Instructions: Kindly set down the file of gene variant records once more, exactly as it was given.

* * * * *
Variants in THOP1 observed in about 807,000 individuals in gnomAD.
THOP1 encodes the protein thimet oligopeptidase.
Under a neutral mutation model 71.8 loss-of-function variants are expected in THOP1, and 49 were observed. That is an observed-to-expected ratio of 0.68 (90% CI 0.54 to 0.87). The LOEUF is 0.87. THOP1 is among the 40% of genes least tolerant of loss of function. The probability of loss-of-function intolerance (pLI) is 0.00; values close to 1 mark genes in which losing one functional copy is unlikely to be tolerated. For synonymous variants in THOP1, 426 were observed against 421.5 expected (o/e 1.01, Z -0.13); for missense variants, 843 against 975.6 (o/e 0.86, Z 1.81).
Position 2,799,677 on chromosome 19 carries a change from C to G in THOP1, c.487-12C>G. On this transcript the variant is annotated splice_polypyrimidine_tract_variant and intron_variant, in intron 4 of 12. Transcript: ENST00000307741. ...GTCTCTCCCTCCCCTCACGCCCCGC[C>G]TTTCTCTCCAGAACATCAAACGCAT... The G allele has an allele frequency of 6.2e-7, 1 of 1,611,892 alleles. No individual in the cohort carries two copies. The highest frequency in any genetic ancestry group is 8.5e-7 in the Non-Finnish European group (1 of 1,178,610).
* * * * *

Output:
Variants in THOP1 observed in about 807,000 individuals in gnomAD.
THOP1 encodes the protein thimet oligopeptidase.
Under a neutral mutation model 71.8 loss-of-function variants are expected in THOP1, and 49 were observed. That is an observed-to-expected ratio of 0.68 (90% CI 0.54 to 0.87). The LOEUF is 0.87. THOP1 is among the 40% of genes least tolerant of loss of function. The probability of loss-of-function intolerance (pLI) is 0.00; values close to 1 mark genes in which losing one functional copy is unlikely to be tolerated. For synonymous variants in THOP1, 426 were observed against 421.5 expected (o/e 1.01, Z -0.13); for missense variants, 843 against 975.6 (o/e 0.86, Z 1.81).
Position 2,799,677 on chromosome 19 carries a change from C to G in THOP1, c.487-12C>G. On this transcript the variant is annotated splice_polypyrimidine_tract_variant and intron_variant, in intron 4 of 12. Transcript: ENST00000307741. ...GTCTCTCCCTCCCCTCACGCCCCGC[C>G]TTTCTCTCCAGAACATCAAACGCAT... The G allele has an allele frequency of 6.2e-7, 1 of 1,611,892 alleles. No individual in the cohort carries two copies. The highest frequency in any genetic ancestry group is 8.5e-7 in the Non-Finnish European group (1 of 1,178,610).